David Laws’ Coalition memoirs tell  how Liz Truss’s stubbornness as a  junior minister became part of the Tory-Lib Dem mudslinging fest by Michael Gove

I would like to point especially new Lib Dem members to the memoirs of David Laws on his experiences at the heart of the 2010-2015 Tory-Lib Dem Coalition government. Laws  tells us about Liz’s first steps as a junior Education minister, and her characteristics and policymaking attitudes  which shone through.

On Saturday, Andy Boddington reported on a Times article in which Neil Fawcett, now a Federal Board member and  Oxfordshire County councillor, said that Liz in her LDYS days was on the radical wing of our party, promoting both abolishing the monarchy and legalising cannabis. On that last point she made the first of a whole series of Damascene conversions  after joining the Tories in 1996.  During her 2001 Hemsworth parliamentary campaign she said that she now opposed it.

From 1998-2010 she was active in Tory local politics in Greater London and Greenwich, before entering parliament in 2010 from David Cameron’s A-list. So she knew about local politics, in which Education and Childcare (at least in  Dutch local politics) are always a big issue. For all Social Liberals, good childcare and good education from the earliest stages has been a major issue for the past 140 years.

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Eugh! Lib Dems react to Sunak v Truss debate

The press release from the Lib Dem Press Office just after the BBC debate between Liz Truss and Rishi Sunak last night was very short.

Lib Dems respond to BBC Tory leadership debate

Responding to this evening’s BBC Tory leadership debate, a Liberal Democrat spokesperson said: 

“Eurgh.”

ENDS

While it lacked in words, it summed up the feelings of much of the country, although I still think it was a bit generous.  Neither the participants nor the BBC covered themselves in glory.

Other Lib Dem reaction included:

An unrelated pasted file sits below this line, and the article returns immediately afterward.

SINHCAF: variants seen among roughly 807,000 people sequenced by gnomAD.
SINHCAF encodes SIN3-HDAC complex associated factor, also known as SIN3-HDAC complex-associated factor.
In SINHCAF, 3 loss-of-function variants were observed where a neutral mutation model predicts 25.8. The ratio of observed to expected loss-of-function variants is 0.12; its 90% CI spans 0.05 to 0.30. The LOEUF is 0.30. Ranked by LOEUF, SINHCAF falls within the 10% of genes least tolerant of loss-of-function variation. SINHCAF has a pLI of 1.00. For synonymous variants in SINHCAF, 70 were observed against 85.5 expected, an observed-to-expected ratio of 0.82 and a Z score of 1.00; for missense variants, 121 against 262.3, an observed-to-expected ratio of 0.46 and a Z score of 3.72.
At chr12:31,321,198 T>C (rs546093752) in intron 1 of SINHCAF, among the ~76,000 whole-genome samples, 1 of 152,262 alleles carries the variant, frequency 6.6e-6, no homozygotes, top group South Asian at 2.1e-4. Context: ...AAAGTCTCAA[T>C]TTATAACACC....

You wouldn’t expect there to be much for liberals to be pleased about in a Conservative leadership debate, particularly as the participants are pandering to an increasingly right wing membership that would not be out of place in the Republican Party of Donald Trump. Ultra-nationalist, small state, minority bashing, this is what’s left after all the decent, one-nation types left in disgust in 2019.

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Did Liz Truss jump parties to advance in politics?

Here on LDV, we have been reviewing the past of a politician who might our next prime minister. Once an ardent Lib Dem with a passion for getting rid of the monarchy, she appeared on national TV with Mark Pack and Paddy Ashdown. In today’s Times, we learn more about the young Liz Truss from Neil Fawcett, a Liberal Democrat councillor who is part of Layla Moran’s team in Oxfordshire.

She was bloody difficult to work with… I wasn’t massively surprised when she turned up as a Tory. I would not be surprised if she made a choice that she wanted to get on in politics and jumped horses to do it.

What has surprised me is that she has got to the level she has, because I never felt that she was particularly talented.

 

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More historic footage of Liz Truss

Well, the BBC is really helping us to build up our profile of the young Liz Truss. (See Andy Boddington’s post yesterday and mine on Wednesday, with all your comments.)

And guess who she is leafleting with in this video….

Who else can you spot? It even includes a brief glimpse of Glee Club.

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Truss and Paddy, and that call for abolition of the monarchy

“This Party will not duck and weave, unlike Labour, from the issues people are interested in.”

That could be Liz Truss today but it dates back to 1994, when Truss was president of Oxford University Lib Dems. She was at the Lib Dem conference in Brighton, speaking for a motion on abolishing the monarchy.

“I agree with Paddy Ashdown when he said, ‘everyone should have the chance to be a somebody’… We Liberal Democrats believe in opportunity for all. We believe in fairness and common sense. We believe in referenda on major constitutional issues… We do not believe that people should be born to rule.”